Question 2


Jamesonand Hamilton

Thenational political landscape has been one of the most intriguing inthe contemporary human society. Needless to say, the dual-partysystem under which the United States currently operates was based oncertain factions that were formed by notable individuals right fromthe beginning of the United States. While there may be varied peoplewho played a role in the formation of these factions, AlexanderHamilton and Thomas Jefferson were the most fundamentalrepresentatives of these divisions. There are varied differencesbetween the ideologies that these two individuals espoused withregard to different aspects of the society. Indeed, the two men haddiffering visions pertaining to the path that he country should take.

First,there were differences regarding people who should govern the countryor on whom the power rested. Jefferson believed that the success ofthe country was founded on its agrarian tradition, in which case hehad immense faith for the commoners. Indeed, he was extremelydistrustful of special privilege and wanted to lower thequalifications for voters. Hamilton, on the other hand, was extremelydistrustful of popular will and held the belief that the federalgovernment must have immense power so as to steer a proper andsuccessful course. Indeed, he opined that common people usually actedin a foolish manner, in which case only the wellborn, rich andeducated individuals should be trusted with ruling. In essence, hevouched for raising qualifications pertaining to voting.

Inaddition, the two differed with regard to the structure of governmentfor which they vouched. Jefferson was in favor or more democraticgovernment and aimed at lowering the number of federal employees. Onthe same note, he was in favor of strict implementation of thecountry`s constitution and opined that individual liberties have tobe safeguarded by laws. Further, he favored strong state governmentsand a considerably weak central government. Hamilton, however, tookthe opposing side, where he was in favor of a strong centralgovernment, while vouching for the modeling of the Americangovernment on the British system. Apart from vouching for an increasein the number of federal employees, Hamilton was in support of looseinterpretation of the United States constitution and also favored therestriction of some individual liberties including freedom of speech.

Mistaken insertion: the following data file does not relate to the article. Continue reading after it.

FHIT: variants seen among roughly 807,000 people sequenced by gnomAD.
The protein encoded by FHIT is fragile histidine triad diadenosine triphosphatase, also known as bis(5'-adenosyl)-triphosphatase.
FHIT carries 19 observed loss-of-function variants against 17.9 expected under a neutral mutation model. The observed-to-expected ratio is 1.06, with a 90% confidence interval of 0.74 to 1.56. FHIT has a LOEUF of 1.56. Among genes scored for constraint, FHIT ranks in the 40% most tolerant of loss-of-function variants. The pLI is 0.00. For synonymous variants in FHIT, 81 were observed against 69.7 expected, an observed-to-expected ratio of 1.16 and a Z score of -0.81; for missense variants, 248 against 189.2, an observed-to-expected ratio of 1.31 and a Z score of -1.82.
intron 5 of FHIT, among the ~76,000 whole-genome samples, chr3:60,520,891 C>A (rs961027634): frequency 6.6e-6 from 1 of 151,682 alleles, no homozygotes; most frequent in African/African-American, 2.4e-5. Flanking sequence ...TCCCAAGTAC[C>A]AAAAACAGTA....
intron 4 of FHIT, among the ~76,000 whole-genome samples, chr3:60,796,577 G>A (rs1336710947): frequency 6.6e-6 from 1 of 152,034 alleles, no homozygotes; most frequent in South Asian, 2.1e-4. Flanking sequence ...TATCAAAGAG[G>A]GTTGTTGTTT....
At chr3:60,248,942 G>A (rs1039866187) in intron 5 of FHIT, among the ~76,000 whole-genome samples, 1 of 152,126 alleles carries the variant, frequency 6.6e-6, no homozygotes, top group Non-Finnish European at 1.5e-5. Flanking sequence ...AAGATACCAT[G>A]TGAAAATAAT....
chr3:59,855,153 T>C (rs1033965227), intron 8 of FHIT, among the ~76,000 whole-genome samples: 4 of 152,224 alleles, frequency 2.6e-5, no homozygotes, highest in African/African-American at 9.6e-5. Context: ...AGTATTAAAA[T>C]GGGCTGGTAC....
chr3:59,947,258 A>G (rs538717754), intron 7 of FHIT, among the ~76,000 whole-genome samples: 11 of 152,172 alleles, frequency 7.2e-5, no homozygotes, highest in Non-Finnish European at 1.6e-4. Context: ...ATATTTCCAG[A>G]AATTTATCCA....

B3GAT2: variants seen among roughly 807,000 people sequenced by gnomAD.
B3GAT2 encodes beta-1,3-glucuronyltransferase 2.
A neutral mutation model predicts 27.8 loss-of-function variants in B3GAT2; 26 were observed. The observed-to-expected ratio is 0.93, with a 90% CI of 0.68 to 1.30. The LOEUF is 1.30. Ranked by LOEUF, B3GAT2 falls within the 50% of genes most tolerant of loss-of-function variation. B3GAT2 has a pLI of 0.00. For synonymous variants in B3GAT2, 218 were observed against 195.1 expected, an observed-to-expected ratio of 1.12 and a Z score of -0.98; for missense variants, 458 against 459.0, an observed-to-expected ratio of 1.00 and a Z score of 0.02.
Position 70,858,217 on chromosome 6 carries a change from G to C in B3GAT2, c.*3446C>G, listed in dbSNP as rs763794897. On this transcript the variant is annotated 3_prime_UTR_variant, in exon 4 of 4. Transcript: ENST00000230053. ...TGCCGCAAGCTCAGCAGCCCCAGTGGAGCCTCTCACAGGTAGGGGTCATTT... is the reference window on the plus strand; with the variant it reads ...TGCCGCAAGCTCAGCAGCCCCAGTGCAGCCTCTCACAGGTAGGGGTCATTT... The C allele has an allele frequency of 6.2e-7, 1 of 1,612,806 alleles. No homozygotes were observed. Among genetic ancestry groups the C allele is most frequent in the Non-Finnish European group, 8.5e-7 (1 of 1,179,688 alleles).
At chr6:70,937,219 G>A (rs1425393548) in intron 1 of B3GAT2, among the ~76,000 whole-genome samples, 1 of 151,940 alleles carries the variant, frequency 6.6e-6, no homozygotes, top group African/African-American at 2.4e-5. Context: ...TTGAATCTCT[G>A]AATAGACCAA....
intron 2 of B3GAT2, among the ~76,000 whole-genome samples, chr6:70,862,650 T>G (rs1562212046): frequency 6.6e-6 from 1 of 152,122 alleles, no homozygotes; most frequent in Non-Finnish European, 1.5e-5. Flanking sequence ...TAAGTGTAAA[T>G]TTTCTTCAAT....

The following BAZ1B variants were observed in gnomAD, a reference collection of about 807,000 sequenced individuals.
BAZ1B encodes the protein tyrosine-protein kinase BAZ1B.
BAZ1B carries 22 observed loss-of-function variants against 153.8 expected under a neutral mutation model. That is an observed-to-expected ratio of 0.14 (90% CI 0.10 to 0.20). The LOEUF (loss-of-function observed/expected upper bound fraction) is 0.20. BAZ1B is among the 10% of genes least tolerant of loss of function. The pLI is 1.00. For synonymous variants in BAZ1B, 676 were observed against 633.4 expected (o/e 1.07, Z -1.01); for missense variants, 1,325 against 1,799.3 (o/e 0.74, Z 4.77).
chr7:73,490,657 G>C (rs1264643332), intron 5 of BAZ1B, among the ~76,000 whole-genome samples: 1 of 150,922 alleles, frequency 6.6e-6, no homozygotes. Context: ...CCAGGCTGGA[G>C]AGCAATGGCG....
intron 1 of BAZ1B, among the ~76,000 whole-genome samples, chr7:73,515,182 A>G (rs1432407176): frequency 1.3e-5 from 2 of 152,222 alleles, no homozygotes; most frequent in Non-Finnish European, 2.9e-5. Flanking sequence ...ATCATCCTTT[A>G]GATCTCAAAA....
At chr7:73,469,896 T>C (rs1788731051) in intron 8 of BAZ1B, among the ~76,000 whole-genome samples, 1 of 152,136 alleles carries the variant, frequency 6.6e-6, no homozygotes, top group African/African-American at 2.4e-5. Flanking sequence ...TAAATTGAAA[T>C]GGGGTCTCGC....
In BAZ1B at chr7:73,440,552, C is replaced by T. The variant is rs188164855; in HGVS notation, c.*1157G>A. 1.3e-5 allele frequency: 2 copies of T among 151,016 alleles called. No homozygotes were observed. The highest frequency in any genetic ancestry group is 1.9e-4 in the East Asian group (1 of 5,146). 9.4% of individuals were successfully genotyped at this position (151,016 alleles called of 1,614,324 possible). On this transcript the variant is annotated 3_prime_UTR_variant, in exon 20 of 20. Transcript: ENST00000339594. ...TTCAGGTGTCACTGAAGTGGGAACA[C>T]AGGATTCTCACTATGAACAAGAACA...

Further,they differed with regard to their economic plans. Hamilton was infavor of the establishment of a national bank that would maintainpublic credit, the enactment of government subsidies and protectivetariffs that would encourage manufacturers. Jefferson, however, feltthat the establishment of a National bank would be representative ofexcessive influence of English, not to mention the fact that suchacts were against the constitution. Farther, he favored the provisionof support to farmers and the already-established agrarian baserather than to manufacturers.

Needlessto say, the two factions present pretty desirable opinions that wouldsuit the country in varied ways. However, I am in favor ofJefferson’s opinion. This is especially with regard to thepromotion of the welfare of the common people. There is no way thatthe country would be said to be advanced if a large proportion of itspeople remain oppressed and unheard. Indeed, the power must rest withthe majority, who were essentially the common people rather than therich and educated.

Giventhe differences in their opinions, it is understandable that therewould be few or no similarities in their views regarding what shouldbe done. Indeed, the only thing that the two agreed on was the needto enact some changes in the government, although they differedregarding what form the changes were to take.